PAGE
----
I will now turn the call back over to Kipp for some closing remarks.
Thanks a lot, Kort.
Building on the strength of our results in 2023, we believe that we are well positioned for the year to come. We anticipate an uptick in deal activity in 2024 as a more stable capital markets backdrop, as combined with growing pressure on private equity GPs and LPs to monetize positions and get returns of capital.
In addition, the robust level of private equity dry powder that has largely gone on spend and is aging, should support a more active M&A environment. We believe that ARCC is uniquely positioned to benefit from an increase in transaction activity, which we anticipate would support our ability to earn higher capital structuring fees. For context in 2023, capital structuring fees as a percentage of our stockholders’ equity was less than half of our five-year average.
As a reminder, at ARCC all capital structuring fee income is fully retained for the benefit of our shareholders and none is paid to Ares Management. We believe the scale of our capital provides ARCC investors with these fee opportunities that some other market participants don’t have or don’t fully share with shareholders. Our many competitive advantages have resulted in differentiated performance in almost every relevant metric versus the competition.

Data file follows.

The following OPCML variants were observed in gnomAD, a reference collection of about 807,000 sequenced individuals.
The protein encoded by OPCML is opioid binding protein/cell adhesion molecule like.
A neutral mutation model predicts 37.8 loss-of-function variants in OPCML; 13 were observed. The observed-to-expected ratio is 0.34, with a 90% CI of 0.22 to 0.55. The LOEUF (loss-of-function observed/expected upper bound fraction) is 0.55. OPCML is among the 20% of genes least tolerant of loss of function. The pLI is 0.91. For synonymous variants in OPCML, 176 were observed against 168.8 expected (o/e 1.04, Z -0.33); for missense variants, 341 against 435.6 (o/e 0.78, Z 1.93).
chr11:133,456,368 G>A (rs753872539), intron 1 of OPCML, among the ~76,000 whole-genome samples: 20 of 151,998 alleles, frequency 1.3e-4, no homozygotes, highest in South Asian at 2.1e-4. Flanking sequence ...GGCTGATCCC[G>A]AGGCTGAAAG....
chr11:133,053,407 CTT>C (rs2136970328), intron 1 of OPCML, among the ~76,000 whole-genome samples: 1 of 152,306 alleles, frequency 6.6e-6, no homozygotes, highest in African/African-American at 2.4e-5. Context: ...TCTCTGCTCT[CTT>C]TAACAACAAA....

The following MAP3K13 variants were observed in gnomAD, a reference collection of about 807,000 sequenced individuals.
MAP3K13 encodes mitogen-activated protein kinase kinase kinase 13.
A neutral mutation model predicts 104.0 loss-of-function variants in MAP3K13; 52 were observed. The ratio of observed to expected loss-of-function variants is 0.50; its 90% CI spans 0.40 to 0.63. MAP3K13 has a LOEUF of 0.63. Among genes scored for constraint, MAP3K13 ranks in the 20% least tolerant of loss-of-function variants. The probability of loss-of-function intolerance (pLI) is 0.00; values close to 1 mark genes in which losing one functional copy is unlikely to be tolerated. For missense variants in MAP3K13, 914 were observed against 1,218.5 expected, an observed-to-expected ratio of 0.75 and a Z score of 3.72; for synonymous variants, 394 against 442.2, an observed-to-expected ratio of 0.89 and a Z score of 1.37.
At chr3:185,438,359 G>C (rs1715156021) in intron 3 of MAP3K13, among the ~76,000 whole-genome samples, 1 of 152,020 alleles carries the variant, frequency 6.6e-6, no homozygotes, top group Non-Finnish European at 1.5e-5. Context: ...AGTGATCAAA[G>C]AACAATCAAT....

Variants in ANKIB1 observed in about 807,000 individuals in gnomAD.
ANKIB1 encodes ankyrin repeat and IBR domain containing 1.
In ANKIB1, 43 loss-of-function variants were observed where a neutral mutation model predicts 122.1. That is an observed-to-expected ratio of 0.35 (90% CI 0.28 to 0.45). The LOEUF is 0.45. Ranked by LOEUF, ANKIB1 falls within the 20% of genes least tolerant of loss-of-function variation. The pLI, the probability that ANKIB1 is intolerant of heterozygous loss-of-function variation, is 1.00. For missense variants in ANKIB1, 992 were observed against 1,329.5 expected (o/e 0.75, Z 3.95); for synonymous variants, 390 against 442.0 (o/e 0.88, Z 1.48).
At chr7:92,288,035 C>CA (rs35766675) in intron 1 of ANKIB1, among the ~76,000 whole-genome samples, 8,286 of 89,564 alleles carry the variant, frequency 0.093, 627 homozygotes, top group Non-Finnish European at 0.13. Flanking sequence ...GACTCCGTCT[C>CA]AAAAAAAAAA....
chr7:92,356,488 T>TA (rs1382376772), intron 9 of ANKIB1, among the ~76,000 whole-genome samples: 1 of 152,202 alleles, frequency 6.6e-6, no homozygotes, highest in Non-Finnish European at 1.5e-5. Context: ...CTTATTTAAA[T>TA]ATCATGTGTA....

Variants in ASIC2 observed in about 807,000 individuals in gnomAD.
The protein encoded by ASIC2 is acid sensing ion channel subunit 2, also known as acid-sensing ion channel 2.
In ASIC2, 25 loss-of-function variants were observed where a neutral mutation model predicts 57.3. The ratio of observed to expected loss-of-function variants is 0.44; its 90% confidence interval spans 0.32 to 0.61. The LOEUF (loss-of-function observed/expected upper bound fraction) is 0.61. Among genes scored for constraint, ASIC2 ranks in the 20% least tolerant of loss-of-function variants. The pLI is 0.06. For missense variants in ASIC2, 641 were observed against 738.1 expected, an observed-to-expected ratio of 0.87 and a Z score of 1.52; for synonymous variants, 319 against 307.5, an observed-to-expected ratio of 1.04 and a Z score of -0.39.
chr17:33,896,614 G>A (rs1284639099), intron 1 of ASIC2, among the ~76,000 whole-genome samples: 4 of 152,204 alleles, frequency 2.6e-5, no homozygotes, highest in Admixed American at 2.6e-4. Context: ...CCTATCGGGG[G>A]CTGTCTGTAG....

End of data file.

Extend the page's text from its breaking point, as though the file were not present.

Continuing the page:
The company has delivered the highest regular dividend per share growth rate, the highest growth in NAV per share and the best stock-based total return in each case when compared to every other externally managed BDC of size that’s been publicly traded for the last 10 years. We believe the factors that have driven our outperformance remain firmly in place and as a result, we remain optimistic about the year ahead.
Let me just close by saying that we’re deeply grateful to our investors for the trust and confidence they’ve demonstrated in Ares Capital and to our team for their tireless work and dedication in 2023.
And to conclude on a more personal note, I just want to once more sincerely thank Penni for friendship and our partnership. We’ve developed a close relationship over the years, and I know I speak for the team as a whole. We will miss her day-to-day involvement with Ares Capital.